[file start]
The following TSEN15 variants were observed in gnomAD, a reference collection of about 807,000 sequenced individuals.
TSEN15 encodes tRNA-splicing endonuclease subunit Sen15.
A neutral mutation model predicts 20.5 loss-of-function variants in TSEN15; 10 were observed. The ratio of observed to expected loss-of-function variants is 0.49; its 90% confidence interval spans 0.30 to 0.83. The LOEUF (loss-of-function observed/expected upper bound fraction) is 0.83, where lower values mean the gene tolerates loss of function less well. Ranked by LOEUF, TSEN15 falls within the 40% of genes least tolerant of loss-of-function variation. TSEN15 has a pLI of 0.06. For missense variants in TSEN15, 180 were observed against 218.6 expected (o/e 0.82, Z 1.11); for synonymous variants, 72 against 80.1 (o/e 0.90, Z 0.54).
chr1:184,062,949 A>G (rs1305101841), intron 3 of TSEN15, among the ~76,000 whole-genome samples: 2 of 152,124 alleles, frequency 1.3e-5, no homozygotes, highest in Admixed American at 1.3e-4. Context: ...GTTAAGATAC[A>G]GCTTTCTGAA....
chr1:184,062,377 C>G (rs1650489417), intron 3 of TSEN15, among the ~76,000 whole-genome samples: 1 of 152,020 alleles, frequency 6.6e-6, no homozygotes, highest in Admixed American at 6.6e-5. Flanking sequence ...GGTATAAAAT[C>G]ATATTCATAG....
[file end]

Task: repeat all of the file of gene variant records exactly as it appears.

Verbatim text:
The following TSEN15 variants were observed in gnomAD, a reference collection of about 807,000 sequenced individuals.
TSEN15 encodes tRNA-splicing endonuclease subunit Sen15.
A neutral mutation model predicts 20.5 loss-of-function variants in TSEN15; 10 were observed. The ratio of observed to expected loss-of-function variants is 0.49; its 90% confidence interval spans 0.30 to 0.83. The LOEUF (loss-of-function observed/expected upper bound fraction) is 0.83, where lower values mean the gene tolerates loss of function less well. Ranked by LOEUF, TSEN15 falls within the 40% of genes least tolerant of loss-of-function variation. TSEN15 has a pLI of 0.06. For missense variants in TSEN15, 180 were observed against 218.6 expected (o/e 0.82, Z 1.11); for synonymous variants, 72 against 80.1 (o/e 0.90, Z 0.54).
chr1:184,062,949 A>G (rs1305101841), intron 3 of TSEN15, among the ~76,000 whole-genome samples: 2 of 152,124 alleles, frequency 1.3e-5, no homozygotes, highest in Admixed American at 1.3e-4. Context: ...GTTAAGATAC[A>G]GCTTTCTGAA....
chr1:184,062,377 C>G (rs1650489417), intron 3 of TSEN15, among the ~76,000 whole-genome samples: 1 of 152,020 alleles, frequency 6.6e-6, no homozygotes, highest in Admixed American at 6.6e-5. Flanking sequence ...GGTATAAAAT[C>G]ATATTCATAG....